images of this Property
20 images: Press to view larger or scroll sideways to see more. Contribution by Warren Jagger for the National Register nomination form, Church Hill Industrial District
About this Property
During 2003 and 2004, partners Peter Case (Truthbox architects) and George Potsidis acquired and renovated the former Parkin Yarn spinning mills. After 20+ years of vacancy, the large, five story mill was given a new life as 25 condominium apartments, some of the first such units in Pawtucket during the early oughts.
At one point this site was considered to be razed and developed into a Home Depot or a similar urban strip mall. The building had been purchased with Federal money, and the City of Pawtucket had a lien on it as well. The use of Federal funds prohibited the possibility of tearing the structure down, since it was also listed on the National Register of Historic places.
Nearly 8 years of planned developments disintegrated before Case and Potsidis finally came to the table with some strong financial backing. State Historic Tax Credits were also instrumental in the success of this project.
While originally targeted to artist and “artist-types”, the building has been condos and some units come onto the rental or retail market at around $1200-$1500 a month or $230,000–$300,000 to purchase. While opened with low-to-middle range pricing, the market has since taken over.
From the Church Hill Industrial District nomination form, 1982
The Campbell Machine Shop is a long, 5-story red brick mill, its entrance facing Bayley Street, its length facing Commerce Street. The roof, above a dentiled cornice, is extremely low-pitched, almost flat; the windows have granite sills and are set under segmental arches; most of the original 12-over-12 sash remains in place. A windowless, flat roofed stair tower is set on the east side. Large freight doors open into each story on the north end.
[…] The last structure built in the Church Hill Industrial District is the Campbell Machine Shop, constructed in 1888-1889 for the Campbell Machine Company, organized in 1880. Still largely unchanged from its construction until today, the building was erected to house the manufacture of a sewing machine invented by Duncan H. Campbell. The Campbell sewing machine was the first of its kind — able to form a lock-stitch with waxed thread and capable of 400-stitches per minute. It was widely used by harness and shoe manufacturers, and created enough demand for its manufacturing company to open a branch office in England. Campbell also produced knitting machines here. The Campbell Company’s mill was used for yarn production for several decades in the twentieth century, but is today vacant. […]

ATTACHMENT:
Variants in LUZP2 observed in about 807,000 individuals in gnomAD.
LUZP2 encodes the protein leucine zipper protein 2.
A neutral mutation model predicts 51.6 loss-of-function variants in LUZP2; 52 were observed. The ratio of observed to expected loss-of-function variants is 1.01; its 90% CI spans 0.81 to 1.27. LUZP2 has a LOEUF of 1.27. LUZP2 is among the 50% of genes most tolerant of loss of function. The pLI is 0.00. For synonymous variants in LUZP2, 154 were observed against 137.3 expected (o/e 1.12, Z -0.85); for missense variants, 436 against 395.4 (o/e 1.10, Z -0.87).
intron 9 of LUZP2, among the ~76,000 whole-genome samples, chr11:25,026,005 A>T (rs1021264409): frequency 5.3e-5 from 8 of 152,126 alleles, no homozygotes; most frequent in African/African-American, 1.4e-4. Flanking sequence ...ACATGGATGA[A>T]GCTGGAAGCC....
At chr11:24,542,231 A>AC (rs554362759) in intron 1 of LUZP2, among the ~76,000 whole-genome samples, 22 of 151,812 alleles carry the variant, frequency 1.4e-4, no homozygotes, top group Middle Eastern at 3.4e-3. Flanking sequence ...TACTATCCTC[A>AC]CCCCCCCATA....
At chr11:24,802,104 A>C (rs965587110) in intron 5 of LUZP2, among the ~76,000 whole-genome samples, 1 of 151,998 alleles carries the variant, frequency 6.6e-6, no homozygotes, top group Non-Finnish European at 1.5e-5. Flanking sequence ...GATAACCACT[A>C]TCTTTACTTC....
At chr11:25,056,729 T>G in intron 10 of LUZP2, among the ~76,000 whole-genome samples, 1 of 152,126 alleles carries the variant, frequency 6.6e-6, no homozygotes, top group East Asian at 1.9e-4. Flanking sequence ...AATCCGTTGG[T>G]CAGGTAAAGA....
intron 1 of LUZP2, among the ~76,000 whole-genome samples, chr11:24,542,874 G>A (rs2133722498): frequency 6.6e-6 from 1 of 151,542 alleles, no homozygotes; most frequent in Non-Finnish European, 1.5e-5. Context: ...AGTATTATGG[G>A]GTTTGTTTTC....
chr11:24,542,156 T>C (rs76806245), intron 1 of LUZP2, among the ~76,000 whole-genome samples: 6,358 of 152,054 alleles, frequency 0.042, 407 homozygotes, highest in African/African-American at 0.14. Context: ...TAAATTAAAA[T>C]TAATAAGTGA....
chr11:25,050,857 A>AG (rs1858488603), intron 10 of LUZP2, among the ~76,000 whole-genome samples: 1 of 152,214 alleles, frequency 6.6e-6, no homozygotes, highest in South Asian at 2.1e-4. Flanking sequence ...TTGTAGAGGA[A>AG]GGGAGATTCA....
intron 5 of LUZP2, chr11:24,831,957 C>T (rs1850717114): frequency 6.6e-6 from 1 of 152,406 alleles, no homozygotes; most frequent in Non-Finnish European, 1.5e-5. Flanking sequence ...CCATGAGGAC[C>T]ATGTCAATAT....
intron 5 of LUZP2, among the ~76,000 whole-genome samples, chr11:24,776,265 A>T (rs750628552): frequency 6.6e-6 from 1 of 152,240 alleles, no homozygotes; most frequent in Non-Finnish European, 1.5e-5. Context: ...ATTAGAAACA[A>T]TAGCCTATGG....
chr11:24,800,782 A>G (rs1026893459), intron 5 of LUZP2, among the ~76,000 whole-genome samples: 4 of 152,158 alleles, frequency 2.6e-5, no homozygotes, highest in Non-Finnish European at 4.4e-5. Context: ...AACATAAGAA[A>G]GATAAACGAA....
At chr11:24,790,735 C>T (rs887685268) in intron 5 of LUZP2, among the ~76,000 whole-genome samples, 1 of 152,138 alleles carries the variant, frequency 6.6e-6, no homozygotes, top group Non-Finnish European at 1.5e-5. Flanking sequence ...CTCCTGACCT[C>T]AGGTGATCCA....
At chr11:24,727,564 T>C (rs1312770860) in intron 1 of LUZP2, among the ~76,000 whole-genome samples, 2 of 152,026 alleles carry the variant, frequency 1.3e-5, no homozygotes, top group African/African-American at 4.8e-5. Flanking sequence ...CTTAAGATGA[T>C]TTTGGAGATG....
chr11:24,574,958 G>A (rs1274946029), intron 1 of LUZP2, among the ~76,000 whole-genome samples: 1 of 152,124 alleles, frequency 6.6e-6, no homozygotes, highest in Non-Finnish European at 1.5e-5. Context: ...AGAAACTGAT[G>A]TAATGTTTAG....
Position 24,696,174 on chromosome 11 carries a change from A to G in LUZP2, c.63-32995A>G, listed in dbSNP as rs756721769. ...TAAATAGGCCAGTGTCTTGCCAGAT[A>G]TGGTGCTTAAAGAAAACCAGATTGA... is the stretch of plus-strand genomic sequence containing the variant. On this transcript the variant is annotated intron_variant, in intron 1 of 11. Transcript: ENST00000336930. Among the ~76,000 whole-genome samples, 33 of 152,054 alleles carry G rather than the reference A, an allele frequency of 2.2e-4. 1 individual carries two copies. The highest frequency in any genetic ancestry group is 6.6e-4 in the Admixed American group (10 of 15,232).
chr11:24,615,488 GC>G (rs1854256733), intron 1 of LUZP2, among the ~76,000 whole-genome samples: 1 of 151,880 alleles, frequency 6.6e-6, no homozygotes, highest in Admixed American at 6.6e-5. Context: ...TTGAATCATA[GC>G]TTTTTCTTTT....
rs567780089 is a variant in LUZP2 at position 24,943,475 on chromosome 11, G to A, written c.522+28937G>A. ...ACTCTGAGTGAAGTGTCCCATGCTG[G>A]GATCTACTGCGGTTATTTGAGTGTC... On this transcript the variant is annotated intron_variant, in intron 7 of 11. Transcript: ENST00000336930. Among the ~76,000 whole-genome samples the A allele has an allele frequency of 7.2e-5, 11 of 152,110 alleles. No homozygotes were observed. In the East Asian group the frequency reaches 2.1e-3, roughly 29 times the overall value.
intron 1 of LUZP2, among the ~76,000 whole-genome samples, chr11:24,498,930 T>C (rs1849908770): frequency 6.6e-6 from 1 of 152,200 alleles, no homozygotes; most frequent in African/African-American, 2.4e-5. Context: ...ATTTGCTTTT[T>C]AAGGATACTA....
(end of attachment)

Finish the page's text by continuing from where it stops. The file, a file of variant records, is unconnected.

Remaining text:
From “RHODE ISLAND: An Inventory of Historic Engineering and Industrial Sites”, Gary Kulik and Julia C. Bonham, 1978
This 5-story, brick building with segmental-arch windows, granite lintels, and a roof of slight pitch, housed the Campbell Machine Shop during the late 19th century. The firm was organized in 1880 and the present building was erected in 1888-1889. The shop’s principal product was a lock-stitch, wax-thread sewing machine, the invention of Duncan H. Campbell. This was the first machine capable of forming a lock-stitch with wax thread and was used by shoe and harness manufacturers. The machine was capable of 400 stitches per minute in the hands of a skilled operator. The invention was important enough to develop a European market, and a branch of the firm was established in Leicester, England. The company also built a knitting machine capable of knitting irregular shapes for use by hosiery and underwear manufacturers. The building is presently occupied by the Parkin Yarn Mill.
Tom Parkin and Percy Hodgson started Parkin Yarn Mill in 1922. The company started with only 14 employees, and many of them did double duty. Percy, for example, was a general manager, superintendent, bobbin boy, master mechanic, salesman and stenographer. During World War II, the mill was engaged in 100 percent war work.
Credit: Grieve and Fernald; Pawtucket City Tax Records; Everts and Richards; Barlow Bancroft Insurance Survey, 24 May 1892.